Canada: Water deficits in the Prairie Provinces to retreat
22 September 2017
The Big Picture
The 12-month outlook for Canada through May 2018 indicates large blocks of exceptional water deficit in central Quebec, northeastern Manitoba, southern Saskatchewan, central and northwestern Alberta, and central British Columbia.
Extremely dry conditions across central Canada's agriculturally productive Prairie Provinces have reduced estimates of durum wheat yield by as much as 44.6 percent, with 12.9 percent attributable to reduced acreage, according to Statistics Canada. In southern Saskatchewan spring wheat yield estimates are running 14 percent under last year, a decline offset by an 8 percent increase in harvested areas.
In the east, New Brunswick’s wild blueberry farmers suffered significant losses after a hot, dry summer. “Devastating,” lamented one farmer whose yield was down 50 percent. This season's low yields, along with other factors, could force some 200 wild blueberry growers out of business, says the New Brunswick Blueberry Growers Association.
And at the opposite end of the country, early this month British Columbia asked water users in the Lower Fraser region and on Vancouver Island to voluntarily reduce consumption by 30 percent in response to drought alerts in several area watersheds. On August 30 the Fraser River measured 20 percent lower than average for this time of year, making it more susceptible to temperature increases that threaten fish stock.
As Vancouver withered under the heat and drought, the Vancouver Park Board issued an appeal to residents to save young trees - planted as part of the city's urban forest initiative to increase the tree leaf canopy from 18 to 22 percent - by watering them or calling a hotline to report distressed trees.
Spring flooding in Ontario and Quebec resulted in at least C$223 million (US$180 million) in insured damage, reports the Insurance Bureau of Canada. April windstorms and floods in southern Quebec into Ontario were responsible for C$106 million, and May flooding in Eastern Ontario and Quebec accounted for C$117 million.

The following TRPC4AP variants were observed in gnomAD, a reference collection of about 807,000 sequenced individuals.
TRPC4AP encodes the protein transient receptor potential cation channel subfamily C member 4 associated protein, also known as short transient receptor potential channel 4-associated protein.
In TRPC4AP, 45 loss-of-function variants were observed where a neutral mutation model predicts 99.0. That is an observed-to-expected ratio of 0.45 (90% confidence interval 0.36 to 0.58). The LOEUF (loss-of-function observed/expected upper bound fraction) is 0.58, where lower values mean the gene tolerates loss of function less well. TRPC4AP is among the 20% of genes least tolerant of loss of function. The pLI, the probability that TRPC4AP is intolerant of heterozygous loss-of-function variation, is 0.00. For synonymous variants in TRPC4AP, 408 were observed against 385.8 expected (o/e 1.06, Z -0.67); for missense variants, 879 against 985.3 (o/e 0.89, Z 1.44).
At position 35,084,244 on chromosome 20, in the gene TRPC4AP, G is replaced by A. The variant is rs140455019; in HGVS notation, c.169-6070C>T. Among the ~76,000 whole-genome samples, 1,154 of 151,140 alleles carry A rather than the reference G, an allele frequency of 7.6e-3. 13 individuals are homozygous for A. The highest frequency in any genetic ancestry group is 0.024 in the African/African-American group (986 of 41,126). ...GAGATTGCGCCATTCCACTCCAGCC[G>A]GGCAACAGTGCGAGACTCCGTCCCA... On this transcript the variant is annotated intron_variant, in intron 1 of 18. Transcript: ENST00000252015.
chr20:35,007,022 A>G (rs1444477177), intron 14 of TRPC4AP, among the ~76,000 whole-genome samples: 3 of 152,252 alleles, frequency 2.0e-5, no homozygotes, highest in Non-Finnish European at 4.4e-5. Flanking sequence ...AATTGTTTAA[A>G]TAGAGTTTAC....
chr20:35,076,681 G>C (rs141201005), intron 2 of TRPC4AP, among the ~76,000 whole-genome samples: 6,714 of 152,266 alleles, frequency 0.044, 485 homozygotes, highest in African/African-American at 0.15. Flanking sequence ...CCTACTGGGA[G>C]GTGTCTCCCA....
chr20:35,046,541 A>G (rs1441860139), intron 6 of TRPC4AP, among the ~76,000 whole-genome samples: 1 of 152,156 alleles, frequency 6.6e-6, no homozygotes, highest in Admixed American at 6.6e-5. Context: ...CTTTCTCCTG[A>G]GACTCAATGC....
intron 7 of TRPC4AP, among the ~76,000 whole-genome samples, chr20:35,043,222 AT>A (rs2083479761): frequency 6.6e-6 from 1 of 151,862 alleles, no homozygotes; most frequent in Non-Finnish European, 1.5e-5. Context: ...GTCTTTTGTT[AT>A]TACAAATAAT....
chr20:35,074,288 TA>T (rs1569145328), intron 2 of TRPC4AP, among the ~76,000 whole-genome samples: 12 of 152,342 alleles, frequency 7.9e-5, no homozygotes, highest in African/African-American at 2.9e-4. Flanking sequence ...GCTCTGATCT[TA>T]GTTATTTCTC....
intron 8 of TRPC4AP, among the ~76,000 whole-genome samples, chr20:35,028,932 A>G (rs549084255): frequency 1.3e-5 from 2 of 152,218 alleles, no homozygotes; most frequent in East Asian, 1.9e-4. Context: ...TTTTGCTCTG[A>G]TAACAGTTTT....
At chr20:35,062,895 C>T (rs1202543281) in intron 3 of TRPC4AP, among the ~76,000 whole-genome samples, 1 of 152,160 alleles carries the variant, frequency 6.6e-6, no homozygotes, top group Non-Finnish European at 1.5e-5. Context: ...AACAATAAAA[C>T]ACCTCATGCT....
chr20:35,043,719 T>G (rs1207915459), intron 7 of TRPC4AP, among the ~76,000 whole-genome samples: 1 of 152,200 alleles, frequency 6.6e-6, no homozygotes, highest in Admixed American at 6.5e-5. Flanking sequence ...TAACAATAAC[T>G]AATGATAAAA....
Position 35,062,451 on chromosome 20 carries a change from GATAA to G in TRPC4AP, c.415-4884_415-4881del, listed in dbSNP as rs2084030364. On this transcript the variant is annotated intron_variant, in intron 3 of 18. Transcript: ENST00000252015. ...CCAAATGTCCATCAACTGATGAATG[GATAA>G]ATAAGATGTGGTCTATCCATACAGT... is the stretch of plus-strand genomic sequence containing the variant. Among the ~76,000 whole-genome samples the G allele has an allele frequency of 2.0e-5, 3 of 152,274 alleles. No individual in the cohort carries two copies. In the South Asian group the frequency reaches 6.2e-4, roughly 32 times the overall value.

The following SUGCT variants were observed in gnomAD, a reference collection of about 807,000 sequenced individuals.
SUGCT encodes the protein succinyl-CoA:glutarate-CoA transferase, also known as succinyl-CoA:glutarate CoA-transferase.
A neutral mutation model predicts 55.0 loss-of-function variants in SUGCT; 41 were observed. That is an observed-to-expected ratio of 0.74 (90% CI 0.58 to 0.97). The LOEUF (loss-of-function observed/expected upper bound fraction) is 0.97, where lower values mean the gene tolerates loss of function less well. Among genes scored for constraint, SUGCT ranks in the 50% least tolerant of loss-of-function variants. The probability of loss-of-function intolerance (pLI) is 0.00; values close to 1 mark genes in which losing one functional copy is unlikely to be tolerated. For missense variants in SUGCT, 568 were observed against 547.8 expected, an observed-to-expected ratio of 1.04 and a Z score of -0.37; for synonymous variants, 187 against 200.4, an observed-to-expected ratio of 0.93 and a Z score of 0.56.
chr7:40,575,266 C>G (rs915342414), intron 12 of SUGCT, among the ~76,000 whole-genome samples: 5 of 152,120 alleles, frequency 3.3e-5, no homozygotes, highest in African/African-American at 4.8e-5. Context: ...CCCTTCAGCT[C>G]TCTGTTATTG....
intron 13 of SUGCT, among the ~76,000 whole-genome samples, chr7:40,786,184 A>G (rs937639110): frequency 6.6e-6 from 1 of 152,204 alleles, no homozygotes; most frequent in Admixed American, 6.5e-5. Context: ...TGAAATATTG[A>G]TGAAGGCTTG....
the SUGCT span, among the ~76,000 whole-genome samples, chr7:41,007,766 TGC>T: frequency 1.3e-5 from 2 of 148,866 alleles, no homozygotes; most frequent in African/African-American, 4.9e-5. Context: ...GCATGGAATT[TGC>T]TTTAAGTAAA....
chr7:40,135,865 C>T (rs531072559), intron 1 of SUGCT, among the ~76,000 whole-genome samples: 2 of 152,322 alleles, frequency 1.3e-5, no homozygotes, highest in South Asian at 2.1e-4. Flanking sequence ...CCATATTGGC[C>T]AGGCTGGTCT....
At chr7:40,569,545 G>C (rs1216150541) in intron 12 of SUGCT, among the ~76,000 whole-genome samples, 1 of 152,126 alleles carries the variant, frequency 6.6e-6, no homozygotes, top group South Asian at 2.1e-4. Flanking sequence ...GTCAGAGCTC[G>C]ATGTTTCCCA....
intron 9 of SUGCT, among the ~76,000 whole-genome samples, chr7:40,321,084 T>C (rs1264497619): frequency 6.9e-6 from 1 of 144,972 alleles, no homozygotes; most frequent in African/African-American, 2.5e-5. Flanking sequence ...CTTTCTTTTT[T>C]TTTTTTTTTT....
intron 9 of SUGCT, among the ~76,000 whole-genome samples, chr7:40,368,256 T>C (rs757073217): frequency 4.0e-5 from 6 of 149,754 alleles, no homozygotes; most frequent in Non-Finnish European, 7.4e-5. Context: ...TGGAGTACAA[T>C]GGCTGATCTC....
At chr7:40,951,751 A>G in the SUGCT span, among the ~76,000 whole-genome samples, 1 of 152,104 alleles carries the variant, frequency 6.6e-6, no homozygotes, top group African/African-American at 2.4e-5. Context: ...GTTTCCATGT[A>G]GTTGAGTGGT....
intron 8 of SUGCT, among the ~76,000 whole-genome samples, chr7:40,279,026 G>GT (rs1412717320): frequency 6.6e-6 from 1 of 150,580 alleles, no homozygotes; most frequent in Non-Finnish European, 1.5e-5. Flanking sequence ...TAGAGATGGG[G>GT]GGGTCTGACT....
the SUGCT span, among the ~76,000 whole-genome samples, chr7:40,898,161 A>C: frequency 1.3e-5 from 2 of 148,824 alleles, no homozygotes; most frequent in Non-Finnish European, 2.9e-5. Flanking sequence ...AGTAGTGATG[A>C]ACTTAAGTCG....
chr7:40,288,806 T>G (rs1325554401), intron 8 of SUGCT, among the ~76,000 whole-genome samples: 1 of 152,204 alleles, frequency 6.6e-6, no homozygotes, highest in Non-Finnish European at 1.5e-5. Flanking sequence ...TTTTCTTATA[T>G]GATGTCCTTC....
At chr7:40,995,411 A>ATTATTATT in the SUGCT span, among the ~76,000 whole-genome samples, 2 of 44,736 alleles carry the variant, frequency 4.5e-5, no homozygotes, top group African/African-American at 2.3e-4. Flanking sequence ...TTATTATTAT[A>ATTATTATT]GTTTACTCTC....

The 3-month maps (below) show the evolving conditions in more detail.
The near-term forecast through November indicates a significant retreat of exceptional deficits in the Prairie Provinces, particularly southern Saskatchewan. Extreme to occasionally exceptional deficits will persist in northeastern Manitoba. Moderate to severe deficits are forecast for much of Alberta, and a pocket of more intense deficits may emerge in the southwest near Banff National Park. Surpluses in northwestern Saskatchewan into Alberta will transition to conditions of both deficit and surplus as deficits emerge north of Lake Churchill, and a similar transition is forecast west of Lake Winnipeg in Manitoba.
Surpluses in Southern Ontario north of Kitchener and in Ottawa are expected to diminish; moderate to severe deficits are forecast for much of Northern Ontario. Moderate to extreme deficits are forecast to persist in New Brunswick and to emerge in neighboring Quebec east of the St. Lawrence River. The extent of exceptional deficits in southern Nord-du-Québec will diminish.
The bottom two maps, representing forecasts for the final six months, show a more subdued color range at least with regard to water deficits, indicating the near-absence of exceptional deficits. However, intense deficits are forecast to persist in southwestern Alberta north of Banff National Park through February 2018. Moderate to severe deficits are forecast in northeastern Manitoba and northern Ontario. Scattered surpluses are expected in southern BC. Some surpluses will re-emerge in Manitoba just west of Lake Winnipeg and in Saskatchewan west of Lake Churchill and across the border into Alberta, though both deficits and surpluses are forecast for surrounding areas.
(It should be noted that forecast skill declines with longer lead times.)
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